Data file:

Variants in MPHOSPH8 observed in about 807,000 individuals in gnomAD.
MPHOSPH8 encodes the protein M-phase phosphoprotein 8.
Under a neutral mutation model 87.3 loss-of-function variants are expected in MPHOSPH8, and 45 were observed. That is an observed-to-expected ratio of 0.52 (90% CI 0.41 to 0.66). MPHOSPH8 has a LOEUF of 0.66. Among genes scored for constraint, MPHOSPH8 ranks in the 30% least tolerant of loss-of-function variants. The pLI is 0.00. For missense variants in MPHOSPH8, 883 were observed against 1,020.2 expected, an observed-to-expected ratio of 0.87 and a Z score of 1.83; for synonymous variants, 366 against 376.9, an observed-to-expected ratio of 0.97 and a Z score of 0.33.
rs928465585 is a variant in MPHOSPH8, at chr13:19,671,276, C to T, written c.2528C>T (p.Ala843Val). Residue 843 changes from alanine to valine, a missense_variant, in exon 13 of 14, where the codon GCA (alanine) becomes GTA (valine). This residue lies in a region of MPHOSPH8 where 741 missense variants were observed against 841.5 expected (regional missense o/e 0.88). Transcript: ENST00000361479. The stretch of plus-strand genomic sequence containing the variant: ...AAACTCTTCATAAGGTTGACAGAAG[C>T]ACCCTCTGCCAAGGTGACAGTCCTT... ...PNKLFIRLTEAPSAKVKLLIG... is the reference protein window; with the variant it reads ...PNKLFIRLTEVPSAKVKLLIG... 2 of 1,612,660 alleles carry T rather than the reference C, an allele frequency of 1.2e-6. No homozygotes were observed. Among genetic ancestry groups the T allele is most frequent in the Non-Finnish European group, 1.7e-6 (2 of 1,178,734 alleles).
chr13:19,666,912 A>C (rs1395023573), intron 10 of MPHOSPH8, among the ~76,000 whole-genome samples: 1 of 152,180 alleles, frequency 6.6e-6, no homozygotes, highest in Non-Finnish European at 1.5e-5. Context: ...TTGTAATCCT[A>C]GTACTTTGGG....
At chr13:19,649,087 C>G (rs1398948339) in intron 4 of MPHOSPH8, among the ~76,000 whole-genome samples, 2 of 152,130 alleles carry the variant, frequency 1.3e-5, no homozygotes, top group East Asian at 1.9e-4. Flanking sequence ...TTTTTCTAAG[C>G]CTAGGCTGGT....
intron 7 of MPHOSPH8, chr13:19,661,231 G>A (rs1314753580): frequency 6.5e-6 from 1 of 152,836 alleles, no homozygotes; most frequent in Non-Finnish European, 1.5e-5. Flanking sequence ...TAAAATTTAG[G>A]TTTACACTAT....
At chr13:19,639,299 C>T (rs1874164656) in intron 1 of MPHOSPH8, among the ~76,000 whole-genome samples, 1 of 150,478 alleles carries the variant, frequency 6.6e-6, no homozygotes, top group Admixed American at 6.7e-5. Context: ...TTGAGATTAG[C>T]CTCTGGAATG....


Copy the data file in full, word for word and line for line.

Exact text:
Variants in MPHOSPH8 observed in about 807,000 individuals in gnomAD.
MPHOSPH8 encodes the protein M-phase phosphoprotein 8.
Under a neutral mutation model 87.3 loss-of-function variants are expected in MPHOSPH8, and 45 were observed. That is an observed-to-expected ratio of 0.52 (90% CI 0.41 to 0.66). MPHOSPH8 has a LOEUF of 0.66. Among genes scored for constraint, MPHOSPH8 ranks in the 30% least tolerant of loss-of-function variants. The pLI is 0.00. For missense variants in MPHOSPH8, 883 were observed against 1,020.2 expected, an observed-to-expected ratio of 0.87 and a Z score of 1.83; for synonymous variants, 366 against 376.9, an observed-to-expected ratio of 0.97 and a Z score of 0.33.
rs928465585 is a variant in MPHOSPH8, at chr13:19,671,276, C to T, written c.2528C>T (p.Ala843Val). Residue 843 changes from alanine to valine, a missense_variant, in exon 13 of 14, where the codon GCA (alanine) becomes GTA (valine). This residue lies in a region of MPHOSPH8 where 741 missense variants were observed against 841.5 expected (regional missense o/e 0.88). Transcript: ENST00000361479. The stretch of plus-strand genomic sequence containing the variant: ...AAACTCTTCATAAGGTTGACAGAAG[C>T]ACCCTCTGCCAAGGTGACAGTCCTT... ...PNKLFIRLTEAPSAKVKLLIG... is the reference protein window; with the variant it reads ...PNKLFIRLTEVPSAKVKLLIG... 2 of 1,612,660 alleles carry T rather than the reference C, an allele frequency of 1.2e-6. No homozygotes were observed. Among genetic ancestry groups the T allele is most frequent in the Non-Finnish European group, 1.7e-6 (2 of 1,178,734 alleles).
chr13:19,666,912 A>C (rs1395023573), intron 10 of MPHOSPH8, among the ~76,000 whole-genome samples: 1 of 152,180 alleles, frequency 6.6e-6, no homozygotes, highest in Non-Finnish European at 1.5e-5. Context: ...TTGTAATCCT[A>C]GTACTTTGGG....
At chr13:19,649,087 C>G (rs1398948339) in intron 4 of MPHOSPH8, among the ~76,000 whole-genome samples, 2 of 152,130 alleles carry the variant, frequency 1.3e-5, no homozygotes, top group East Asian at 1.9e-4. Flanking sequence ...TTTTTCTAAG[C>G]CTAGGCTGGT....
intron 7 of MPHOSPH8, chr13:19,661,231 G>A (rs1314753580): frequency 6.5e-6 from 1 of 152,836 alleles, no homozygotes; most frequent in Non-Finnish European, 1.5e-5. Flanking sequence ...TAAAATTTAG[G>A]TTTACACTAT....
At chr13:19,639,299 C>T (rs1874164656) in intron 1 of MPHOSPH8, among the ~76,000 whole-genome samples, 1 of 150,478 alleles carries the variant, frequency 6.6e-6, no homozygotes, top group Admixed American at 6.7e-5. Context: ...TTGAGATTAG[C>T]CTCTGGAATG....